of "We have something that as a group that's fundamentally different than everything else and provides either excess return as a group or diversification as a group."
The problem I see, getting back to Charles' point as to why it's never going to be a significant player, is that if you look at adding value by providing liquidity into that marketplace, that value has diminishing marginal returns. So as we start seeing more managed futures enter the marketplace, you're not going to get that same return going forward because of that diminished value.
So I see it always having some degree of ceiling on it, perhaps a little greater than it is now, but not tremendously.
Mr. Nederlof: You would find most academics would be concerned over the definition of managed futures as an asset class because commodity assets very often don't have an inherent rate of return outside of perhaps their inflationary increase in value.
Investments that don't have an inherent risk premium built in or some kind of appreciation capability, like the participation in the performance of a company or being paid interest for lending somebody money, I would argue that's not a real asset class, and so you've really got to be very careful about the definition of a managed futures player.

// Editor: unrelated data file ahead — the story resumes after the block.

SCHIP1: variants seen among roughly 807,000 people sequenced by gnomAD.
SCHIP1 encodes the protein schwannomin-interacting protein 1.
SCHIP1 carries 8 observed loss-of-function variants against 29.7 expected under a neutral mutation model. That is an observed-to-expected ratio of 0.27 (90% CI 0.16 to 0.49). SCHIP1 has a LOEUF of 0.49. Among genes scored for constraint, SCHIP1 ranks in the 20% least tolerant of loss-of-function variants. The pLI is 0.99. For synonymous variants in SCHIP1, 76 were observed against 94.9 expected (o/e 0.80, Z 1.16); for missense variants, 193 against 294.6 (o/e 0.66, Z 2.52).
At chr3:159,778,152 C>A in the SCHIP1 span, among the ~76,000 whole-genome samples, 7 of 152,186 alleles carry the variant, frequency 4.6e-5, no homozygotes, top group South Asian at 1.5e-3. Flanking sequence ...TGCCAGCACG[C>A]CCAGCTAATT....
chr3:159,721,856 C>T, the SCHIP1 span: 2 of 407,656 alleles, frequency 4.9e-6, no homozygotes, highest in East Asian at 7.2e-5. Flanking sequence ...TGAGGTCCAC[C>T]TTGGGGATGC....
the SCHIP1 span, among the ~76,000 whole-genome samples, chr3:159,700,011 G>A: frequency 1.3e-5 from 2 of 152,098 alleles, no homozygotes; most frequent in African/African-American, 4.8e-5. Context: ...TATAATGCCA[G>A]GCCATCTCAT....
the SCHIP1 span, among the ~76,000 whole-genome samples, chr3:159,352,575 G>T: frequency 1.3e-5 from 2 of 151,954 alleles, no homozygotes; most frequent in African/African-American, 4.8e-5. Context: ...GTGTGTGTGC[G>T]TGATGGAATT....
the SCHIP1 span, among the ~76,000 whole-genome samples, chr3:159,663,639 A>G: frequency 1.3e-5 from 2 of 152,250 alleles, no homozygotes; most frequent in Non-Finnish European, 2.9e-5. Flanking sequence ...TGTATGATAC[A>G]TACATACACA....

Ms. Beder: One of the great advantges of managed futures as a category is the type of exposure and duration that you can get relative to cash securities markets in general. As more funds learn about and accept theis value, then perhaps it will become something more than parsley on the plate, a real side dish.
Mr. Baker: The danger here is to categorize institutional investments, as always only in an economic function, providing capital formation. Managed futures provides a completely independent economic function, which is risk transfer. It's not going to serve the interests of investors to say all your investments must be channeled into capital formation as opposed to providing other things, such as this risk transfer.
P&I: How widely do pension funds use derivatives, and in what strategies?
Mr. Service: It's my perception that the most widely used strategies are those that involve exchange-traded derivatives, and those that involve either hedging strategies or substitution strategies, as opposed to return enhancement strategies.
Mr. Shultz: Equitizing cash is a major one; also tactical asset allocation, hedging. I don't think there is any pension fund whose managers are not using financial futures in their fixed income portfolios.
P&I: How widely used are swaps?
Mr. Nederlof: On the corporate side, where hedging is the dominant activity. That involves a lot of swap activity for the simple reason that the two risks people hedge the most are interest-rate and currency risks. Corporations understand it better than pension funds simply because they have naturally needed to control their interest-rate and currency risks.
Ms. Polsky: I agree with all the answers in terms of the way derivatives are being used by pension funds. If you take a forward-looking view and say what changes can we expect over time, I think you'll see an increase in use of the information in the derivatives market because there is more understanding (continued)